2021 was a rush of a year for Fat Pencil Studio, one that has been packed start-to-finish with projects we're very proud of. In a small effort to punctuate our creative lives and stay in touch with what other are making, I asked the team to send me their most memorable visualizations from the year.
"Three months of walking in a new city" by Reddit user jeremymaluf is a strikingly elegant representation of Mexico city. "I love walking and exploring new neighborhoods, frequently checking the data to find unexplored streets to walk in the early morning or evening," the user adds.
From Carter: "I appreciate the element of time being essential to the piece's success. As viewers, we are able to understand a sense of discovery as the city takes form. "
Computerized Tomography (CT) scans are often used to diagnose medical conditions such as internal bleeding or bone fractures. However, the internals of any object can be scanned this way, not just the human body. Here's a fascinating look at three iterations of Apple's Airpod in-ear headphones captured as part of a visual story presented by scanofthemonth.com.
This visualization looks at the existing intersection of Third Avenue between East 33rd and 34th Streets in New York City. Due to the pandemic, cities and businesses have had to adapt to making their storefronts extend out to the sidewalk. I love how this addresses what a typical street looks like in all of its vibrancy and chaos, into a more cohesive network between traffic, deliveries, buildings, and place-making.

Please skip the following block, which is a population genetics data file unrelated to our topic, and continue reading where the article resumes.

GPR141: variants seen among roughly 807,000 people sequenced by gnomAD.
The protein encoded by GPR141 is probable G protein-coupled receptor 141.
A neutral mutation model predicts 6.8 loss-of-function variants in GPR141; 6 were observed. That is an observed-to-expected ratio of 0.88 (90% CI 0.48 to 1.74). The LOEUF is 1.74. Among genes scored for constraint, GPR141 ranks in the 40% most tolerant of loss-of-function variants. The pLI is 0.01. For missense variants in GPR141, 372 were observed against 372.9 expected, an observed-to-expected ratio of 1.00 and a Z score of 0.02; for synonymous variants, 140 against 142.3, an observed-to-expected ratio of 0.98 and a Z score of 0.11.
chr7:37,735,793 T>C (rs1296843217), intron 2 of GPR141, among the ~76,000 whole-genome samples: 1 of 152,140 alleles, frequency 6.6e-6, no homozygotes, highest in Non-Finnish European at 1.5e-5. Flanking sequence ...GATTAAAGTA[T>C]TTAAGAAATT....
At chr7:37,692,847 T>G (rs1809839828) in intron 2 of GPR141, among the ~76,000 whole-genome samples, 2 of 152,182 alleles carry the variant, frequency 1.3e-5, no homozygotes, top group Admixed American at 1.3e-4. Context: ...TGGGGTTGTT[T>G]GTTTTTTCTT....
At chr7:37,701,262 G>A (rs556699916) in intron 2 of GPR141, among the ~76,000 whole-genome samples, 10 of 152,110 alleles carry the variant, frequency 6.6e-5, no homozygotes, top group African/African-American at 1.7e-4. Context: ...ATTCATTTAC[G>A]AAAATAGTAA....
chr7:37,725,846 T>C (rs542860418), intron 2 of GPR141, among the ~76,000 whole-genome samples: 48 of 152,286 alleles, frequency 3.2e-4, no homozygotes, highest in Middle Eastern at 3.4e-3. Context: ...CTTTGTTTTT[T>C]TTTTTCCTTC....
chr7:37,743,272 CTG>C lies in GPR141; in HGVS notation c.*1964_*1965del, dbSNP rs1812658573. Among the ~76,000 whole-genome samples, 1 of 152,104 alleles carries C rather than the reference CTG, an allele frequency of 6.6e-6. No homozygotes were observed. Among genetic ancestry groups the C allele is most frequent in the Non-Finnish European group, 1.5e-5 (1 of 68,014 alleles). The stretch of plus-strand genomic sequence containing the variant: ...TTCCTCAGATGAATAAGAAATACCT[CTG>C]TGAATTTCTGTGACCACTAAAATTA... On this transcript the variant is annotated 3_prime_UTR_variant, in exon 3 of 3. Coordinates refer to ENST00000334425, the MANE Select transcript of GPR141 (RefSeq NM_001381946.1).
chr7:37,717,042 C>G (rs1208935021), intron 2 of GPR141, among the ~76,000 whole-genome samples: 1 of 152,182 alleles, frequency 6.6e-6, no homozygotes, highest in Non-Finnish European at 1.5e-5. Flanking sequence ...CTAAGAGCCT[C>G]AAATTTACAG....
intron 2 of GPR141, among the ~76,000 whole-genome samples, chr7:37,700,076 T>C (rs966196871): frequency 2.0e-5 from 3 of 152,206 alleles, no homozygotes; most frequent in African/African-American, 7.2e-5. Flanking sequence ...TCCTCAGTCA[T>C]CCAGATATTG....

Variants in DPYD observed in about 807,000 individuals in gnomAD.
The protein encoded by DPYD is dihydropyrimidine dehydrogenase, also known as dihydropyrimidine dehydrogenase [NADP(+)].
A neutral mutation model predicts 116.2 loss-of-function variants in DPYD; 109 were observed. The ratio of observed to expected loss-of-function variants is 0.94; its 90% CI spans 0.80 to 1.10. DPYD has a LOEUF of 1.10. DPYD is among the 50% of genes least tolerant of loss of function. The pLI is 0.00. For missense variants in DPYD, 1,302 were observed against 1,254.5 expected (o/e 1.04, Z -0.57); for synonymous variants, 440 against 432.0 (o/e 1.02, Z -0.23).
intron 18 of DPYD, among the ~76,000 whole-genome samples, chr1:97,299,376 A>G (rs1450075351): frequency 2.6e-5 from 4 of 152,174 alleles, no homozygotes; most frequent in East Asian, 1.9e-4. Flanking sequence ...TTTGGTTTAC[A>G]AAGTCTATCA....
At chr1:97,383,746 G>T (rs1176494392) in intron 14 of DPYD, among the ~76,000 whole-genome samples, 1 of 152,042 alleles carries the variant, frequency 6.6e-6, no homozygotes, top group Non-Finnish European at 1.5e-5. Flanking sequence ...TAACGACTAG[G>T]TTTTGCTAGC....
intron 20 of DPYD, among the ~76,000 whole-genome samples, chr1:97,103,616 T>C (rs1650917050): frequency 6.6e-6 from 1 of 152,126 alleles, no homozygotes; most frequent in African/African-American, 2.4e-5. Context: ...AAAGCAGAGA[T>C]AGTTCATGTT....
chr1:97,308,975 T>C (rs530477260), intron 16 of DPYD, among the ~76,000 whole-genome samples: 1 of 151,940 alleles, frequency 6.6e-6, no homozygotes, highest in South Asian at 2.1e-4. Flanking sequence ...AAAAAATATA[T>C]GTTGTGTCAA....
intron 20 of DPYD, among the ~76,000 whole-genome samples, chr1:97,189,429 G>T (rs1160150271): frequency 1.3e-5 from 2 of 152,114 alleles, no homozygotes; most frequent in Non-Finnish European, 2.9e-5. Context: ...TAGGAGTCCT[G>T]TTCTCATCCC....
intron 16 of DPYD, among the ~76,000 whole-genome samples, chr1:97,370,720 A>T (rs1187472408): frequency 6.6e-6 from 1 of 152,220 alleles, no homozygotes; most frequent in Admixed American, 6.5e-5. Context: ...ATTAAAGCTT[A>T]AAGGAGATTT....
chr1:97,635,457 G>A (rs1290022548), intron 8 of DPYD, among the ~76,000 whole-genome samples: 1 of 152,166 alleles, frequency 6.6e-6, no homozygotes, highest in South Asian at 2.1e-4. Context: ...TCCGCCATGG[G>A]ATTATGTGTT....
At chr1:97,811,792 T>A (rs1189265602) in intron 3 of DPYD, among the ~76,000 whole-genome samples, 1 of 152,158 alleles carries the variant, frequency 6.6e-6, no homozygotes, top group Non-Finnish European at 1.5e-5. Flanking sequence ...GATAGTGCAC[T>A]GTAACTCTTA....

In an effort to make our streets more livable and equitable for everyone not driving a car, I've always been intrigued to see how our streets can evolve.
Reddit user crossground has crafted a wonderful, woeful animation depicting deforestation in the Amazon—most of which is practiced outside of legal methods and measurements—that effectively illustrates the extent of the damage that has been done in the past twenty years alone. Good calls to action are necessarily jarring, even if demonstrated beautifully, and this video timeline is no different.
The visualization that most stuck with me this year was the exhibition Cloud Studies from Forensic Architecture. As a compilation of several of the firm's recent investigations, the exhibition is an impressive exercise in pattern recognition. The toxic clouds investigated are ephemeral events, but the team studied them with a gravity appropriate for the violence caused.
"Today’s clouds are both environmental and political."